Thursday 23 November 2017

Cup finals, tournaments and one-off games can provide occasional outlandish upsets . . . but this was different

Leicester City manager Claudio Ranieri kisses the trophy as he celebrates winning the Barclays Premier League. Photo: Carl Recine/Reuters
Leicester City manager Claudio Ranieri kisses the trophy as he celebrates winning the Barclays Premier League. Photo: Carl Recine/Reuters

Eamonn Sweeney

Ni fheicimid a leitheid aris ann. Our kids and grandkids won't see anything in sport like Leicester City's Premier League victory. Our fathers and grandfathers saw nothing like it either. Because what Leicester have just done is achieve the most surprising result in the history of sport. That's how big it is. That's how unlikely it was.

How best to capture the sheer improbability of all? Well, at the start of the season Leicester were 5,000/1 to win the title. That's the same price you can get on Carlow or Waterford winning this year's All-Ireland football title. The odds seem about right. It's the price the bookies put on something which they know can never happen. It's the going rate for the impossible.

No one predicted a Leicester title because no one could have. Even the greatest chancers in Ireland won't be trying the, "Do you know, didn't I say to someone back in August, Leicester are going win the league," number.

Take all the biggest upsets, Buster Douglas beating Mike Tyson, Greece winning the 2004 European Championships, Japan beating South Africa, Sunderland beating Leeds in the 1973 FA Cup final, put them all together and you'll still come up short of Leicester's miracle on grass. Cup finals, tournaments and one off games lend themselves to an occasional outlandish upset but Leicester worked their magic over the long unforgiving course of a season.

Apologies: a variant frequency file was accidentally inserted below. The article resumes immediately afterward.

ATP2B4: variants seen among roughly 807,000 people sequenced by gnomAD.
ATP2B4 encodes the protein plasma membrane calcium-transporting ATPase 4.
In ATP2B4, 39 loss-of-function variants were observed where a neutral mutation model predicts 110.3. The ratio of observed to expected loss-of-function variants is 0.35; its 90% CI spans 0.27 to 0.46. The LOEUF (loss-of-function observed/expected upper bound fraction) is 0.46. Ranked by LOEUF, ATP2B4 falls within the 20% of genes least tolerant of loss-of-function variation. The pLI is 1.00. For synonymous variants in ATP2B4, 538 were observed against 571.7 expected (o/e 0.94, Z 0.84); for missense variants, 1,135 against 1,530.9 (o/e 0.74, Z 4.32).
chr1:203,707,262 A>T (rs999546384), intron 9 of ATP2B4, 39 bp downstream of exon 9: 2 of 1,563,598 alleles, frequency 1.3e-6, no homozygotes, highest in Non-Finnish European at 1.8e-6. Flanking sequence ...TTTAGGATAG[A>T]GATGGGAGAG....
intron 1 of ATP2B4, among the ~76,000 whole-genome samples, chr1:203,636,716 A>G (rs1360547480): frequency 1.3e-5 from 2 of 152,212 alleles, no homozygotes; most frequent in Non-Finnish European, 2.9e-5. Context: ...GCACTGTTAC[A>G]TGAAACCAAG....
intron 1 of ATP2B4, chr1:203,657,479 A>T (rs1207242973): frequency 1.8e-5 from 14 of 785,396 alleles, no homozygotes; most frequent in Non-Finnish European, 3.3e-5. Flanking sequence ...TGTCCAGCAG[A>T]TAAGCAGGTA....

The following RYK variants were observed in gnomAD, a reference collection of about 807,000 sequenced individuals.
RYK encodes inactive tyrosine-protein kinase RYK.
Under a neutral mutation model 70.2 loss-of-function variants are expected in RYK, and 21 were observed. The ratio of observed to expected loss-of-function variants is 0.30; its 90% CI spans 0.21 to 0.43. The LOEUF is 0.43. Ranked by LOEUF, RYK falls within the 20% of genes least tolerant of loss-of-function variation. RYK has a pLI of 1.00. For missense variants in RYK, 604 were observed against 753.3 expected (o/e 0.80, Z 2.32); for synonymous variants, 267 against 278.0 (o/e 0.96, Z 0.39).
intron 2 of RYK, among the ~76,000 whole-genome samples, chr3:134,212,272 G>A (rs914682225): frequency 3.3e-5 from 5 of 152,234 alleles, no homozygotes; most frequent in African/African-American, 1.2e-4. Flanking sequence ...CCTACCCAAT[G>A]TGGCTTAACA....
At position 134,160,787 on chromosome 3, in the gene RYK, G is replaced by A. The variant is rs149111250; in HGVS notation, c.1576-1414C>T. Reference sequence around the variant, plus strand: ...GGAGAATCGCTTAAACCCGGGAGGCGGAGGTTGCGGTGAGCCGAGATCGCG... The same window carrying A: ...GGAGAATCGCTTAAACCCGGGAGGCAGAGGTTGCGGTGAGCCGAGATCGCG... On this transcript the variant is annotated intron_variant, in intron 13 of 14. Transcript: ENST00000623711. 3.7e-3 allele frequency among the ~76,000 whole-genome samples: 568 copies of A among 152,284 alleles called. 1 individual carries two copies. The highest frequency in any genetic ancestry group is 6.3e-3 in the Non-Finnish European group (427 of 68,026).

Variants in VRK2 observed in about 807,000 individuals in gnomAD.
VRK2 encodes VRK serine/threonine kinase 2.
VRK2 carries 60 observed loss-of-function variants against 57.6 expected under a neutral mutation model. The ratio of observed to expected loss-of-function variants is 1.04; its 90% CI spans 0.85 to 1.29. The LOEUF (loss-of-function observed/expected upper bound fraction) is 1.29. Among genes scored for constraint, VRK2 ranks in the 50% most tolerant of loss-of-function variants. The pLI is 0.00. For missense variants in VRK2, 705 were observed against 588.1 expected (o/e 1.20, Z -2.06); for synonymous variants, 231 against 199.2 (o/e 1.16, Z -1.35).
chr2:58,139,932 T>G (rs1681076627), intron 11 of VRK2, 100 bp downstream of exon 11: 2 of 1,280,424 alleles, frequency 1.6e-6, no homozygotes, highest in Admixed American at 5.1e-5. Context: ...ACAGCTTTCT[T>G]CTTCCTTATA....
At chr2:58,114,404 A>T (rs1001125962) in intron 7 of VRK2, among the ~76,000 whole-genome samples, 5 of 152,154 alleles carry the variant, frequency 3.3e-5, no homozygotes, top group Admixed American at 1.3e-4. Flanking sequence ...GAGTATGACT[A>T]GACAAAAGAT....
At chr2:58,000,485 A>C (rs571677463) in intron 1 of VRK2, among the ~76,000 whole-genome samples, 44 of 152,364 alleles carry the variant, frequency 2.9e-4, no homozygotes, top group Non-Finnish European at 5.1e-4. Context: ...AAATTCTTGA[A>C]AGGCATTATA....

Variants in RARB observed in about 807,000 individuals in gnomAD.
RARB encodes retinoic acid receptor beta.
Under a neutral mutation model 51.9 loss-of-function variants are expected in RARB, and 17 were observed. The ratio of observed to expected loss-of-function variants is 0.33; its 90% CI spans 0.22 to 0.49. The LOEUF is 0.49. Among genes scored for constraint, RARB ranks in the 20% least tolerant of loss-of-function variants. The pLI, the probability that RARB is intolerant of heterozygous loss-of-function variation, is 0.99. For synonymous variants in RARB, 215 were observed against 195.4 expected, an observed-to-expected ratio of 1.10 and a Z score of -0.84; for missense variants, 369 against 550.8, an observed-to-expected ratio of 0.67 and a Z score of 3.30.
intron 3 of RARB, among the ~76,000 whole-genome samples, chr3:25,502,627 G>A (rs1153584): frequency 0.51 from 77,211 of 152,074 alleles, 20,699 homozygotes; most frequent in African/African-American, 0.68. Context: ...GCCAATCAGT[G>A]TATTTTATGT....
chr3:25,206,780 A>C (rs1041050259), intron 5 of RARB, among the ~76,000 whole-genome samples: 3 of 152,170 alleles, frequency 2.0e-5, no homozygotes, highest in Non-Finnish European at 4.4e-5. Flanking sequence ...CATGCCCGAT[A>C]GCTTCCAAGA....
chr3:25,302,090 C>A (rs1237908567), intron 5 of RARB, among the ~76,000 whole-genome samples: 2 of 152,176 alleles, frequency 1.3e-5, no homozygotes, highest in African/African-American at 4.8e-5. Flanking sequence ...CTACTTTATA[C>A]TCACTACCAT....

They did it in a competition which had supposedly been shockproofed by the enormous financial disparity between the top clubs and the rest. It was quite something for Nottingham Forest to come up from the old second division and win the top flight in the 1977-78 season but that was a more democratic time. The gap between top and bottom has grown exponentially in recent years to such an extent that managers can earn big reputations merely by keeping an unfashionable club in the top half of the table.

Even as Leicester closed in on the title it seemed impossible that they'd actually go all the way. The majority of punters who had, for whatever bizarre reason, stuck a few quid on the Foxes availed of the opportunity to cash out even when City were several points clear with just a few games left. The dream surely had to end sometime.

It didn't. And we've become so used to the sight of Leicester at the top of the table that it's hard to recapture how outlandish their tilt at the title felt when it first materialised. At the start it was lost amid the fuss over Jamie Vardy and his record-breaking Premier League goal run. Leicester seemed like a one-man team, it would certainly have taken a knowledgeable fan to name the other 10 members of their starting 11.